What is capsule endoscopy?
Capsule endoscopy is a procedure that uses a pill-sized, wireless camera to allow your doctor to examine the inside of your small intestine which cannot be reached by a traditional upper endoscopy or colonoscopy. A capsule endoscopy is performed to search for a cause of bleeding from the small intestine or detecting polyps, inflammatory bowel disease, ulcers, and tumors.
Preparing for capsule endoscopy
An empty stomach will allow for the best results from a capsule endoscopy, so your doctor will instruct you to stop eating and drinking 12 hours prior to your procedure. The most important step is to talk to your doctor about any medical conditions you have, including swallowing disorders or heart and lung disease. Your doctor will provide you with full instructions on how to prepare for your capsule endoscopy.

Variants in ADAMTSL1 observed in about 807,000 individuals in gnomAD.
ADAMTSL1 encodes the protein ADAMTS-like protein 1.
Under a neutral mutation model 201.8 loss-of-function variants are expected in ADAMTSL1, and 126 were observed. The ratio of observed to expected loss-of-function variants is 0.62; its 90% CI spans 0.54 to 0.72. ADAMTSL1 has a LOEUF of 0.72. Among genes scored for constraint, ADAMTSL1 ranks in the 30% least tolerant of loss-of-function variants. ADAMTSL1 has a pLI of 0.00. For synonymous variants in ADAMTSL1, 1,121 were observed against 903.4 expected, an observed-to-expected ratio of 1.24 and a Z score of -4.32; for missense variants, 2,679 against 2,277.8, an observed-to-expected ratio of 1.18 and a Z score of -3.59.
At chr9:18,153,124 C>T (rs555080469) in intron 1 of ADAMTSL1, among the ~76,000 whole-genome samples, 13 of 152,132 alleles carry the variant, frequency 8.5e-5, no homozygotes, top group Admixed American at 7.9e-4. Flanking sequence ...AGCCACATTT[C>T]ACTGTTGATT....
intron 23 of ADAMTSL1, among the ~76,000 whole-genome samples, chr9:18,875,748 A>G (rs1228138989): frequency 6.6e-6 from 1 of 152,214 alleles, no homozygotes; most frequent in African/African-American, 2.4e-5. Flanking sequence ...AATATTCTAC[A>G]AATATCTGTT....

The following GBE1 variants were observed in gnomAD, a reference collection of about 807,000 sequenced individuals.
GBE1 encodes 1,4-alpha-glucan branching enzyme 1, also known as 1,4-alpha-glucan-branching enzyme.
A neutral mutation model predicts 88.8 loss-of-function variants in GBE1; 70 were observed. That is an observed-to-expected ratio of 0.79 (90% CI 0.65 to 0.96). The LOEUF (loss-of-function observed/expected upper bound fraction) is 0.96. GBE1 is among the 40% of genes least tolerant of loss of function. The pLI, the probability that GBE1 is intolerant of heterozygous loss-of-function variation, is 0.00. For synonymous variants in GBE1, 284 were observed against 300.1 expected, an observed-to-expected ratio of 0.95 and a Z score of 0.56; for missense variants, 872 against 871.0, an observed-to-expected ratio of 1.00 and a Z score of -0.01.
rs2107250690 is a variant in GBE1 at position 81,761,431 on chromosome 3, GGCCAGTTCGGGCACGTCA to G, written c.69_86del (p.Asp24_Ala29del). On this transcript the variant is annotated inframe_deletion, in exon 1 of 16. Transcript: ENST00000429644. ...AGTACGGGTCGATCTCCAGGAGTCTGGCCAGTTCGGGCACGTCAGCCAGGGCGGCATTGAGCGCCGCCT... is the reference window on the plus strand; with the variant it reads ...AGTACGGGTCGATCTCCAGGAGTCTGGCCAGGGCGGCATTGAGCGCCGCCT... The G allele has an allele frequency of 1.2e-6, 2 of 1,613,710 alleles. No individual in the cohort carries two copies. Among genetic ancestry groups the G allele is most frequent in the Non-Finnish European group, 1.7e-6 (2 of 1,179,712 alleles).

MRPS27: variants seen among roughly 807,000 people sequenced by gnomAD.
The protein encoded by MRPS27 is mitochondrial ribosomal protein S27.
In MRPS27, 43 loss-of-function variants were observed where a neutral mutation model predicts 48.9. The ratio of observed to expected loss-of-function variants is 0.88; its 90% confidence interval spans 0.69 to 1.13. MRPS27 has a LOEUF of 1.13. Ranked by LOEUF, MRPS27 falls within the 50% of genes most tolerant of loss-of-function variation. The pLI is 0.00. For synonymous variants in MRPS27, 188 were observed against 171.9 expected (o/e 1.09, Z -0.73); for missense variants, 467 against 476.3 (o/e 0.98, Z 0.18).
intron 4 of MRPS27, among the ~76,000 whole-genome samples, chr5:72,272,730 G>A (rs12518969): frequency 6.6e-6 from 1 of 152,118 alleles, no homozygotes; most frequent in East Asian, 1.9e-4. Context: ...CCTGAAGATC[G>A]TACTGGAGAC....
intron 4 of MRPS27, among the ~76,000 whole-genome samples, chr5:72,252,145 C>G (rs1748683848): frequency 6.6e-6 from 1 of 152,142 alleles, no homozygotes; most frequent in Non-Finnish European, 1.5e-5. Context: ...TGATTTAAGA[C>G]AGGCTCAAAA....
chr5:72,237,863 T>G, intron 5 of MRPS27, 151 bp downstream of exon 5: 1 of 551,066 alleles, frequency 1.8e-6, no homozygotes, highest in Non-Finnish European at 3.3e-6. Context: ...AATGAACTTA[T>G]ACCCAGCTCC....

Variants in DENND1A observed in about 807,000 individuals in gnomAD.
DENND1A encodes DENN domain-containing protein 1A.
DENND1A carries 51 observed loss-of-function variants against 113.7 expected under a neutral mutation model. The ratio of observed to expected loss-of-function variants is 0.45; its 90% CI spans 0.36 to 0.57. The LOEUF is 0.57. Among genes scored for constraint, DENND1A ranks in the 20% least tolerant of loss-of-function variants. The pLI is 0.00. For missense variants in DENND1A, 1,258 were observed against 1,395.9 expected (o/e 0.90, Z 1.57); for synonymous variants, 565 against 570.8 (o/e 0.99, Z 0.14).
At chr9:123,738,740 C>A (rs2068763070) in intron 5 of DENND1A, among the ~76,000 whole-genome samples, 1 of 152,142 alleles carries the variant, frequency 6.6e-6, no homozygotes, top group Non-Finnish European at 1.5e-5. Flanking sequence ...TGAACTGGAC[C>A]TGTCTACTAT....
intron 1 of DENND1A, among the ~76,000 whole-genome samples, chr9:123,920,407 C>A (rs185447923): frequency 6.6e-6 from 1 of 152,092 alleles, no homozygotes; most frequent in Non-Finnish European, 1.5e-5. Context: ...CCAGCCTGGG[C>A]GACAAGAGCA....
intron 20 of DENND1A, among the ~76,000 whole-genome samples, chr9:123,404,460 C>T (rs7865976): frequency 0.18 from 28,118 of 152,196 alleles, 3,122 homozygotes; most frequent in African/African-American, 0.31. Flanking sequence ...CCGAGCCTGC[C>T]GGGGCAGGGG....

What to expect during capsule endoscopy
Before the procedure begins, your doctor will apply a sensor device to your abdomen. You will then be instructed to swallow the capsule endoscope, and it will naturally pass through your digestive system while transmitting video images to a data recorder that will be worn on your belt for approximately eight hours. During this time, you can go about your day as normal, and after the eight hours are over, you will return to the office, and your doctor will remove the recorder and review the images.
After the capsule endoscopy, you will be able to drink clear liquids again after two hours and have a light meal after four hours. Your body will naturally expel the camera after a few hours or a few days depending on your digestive patterns.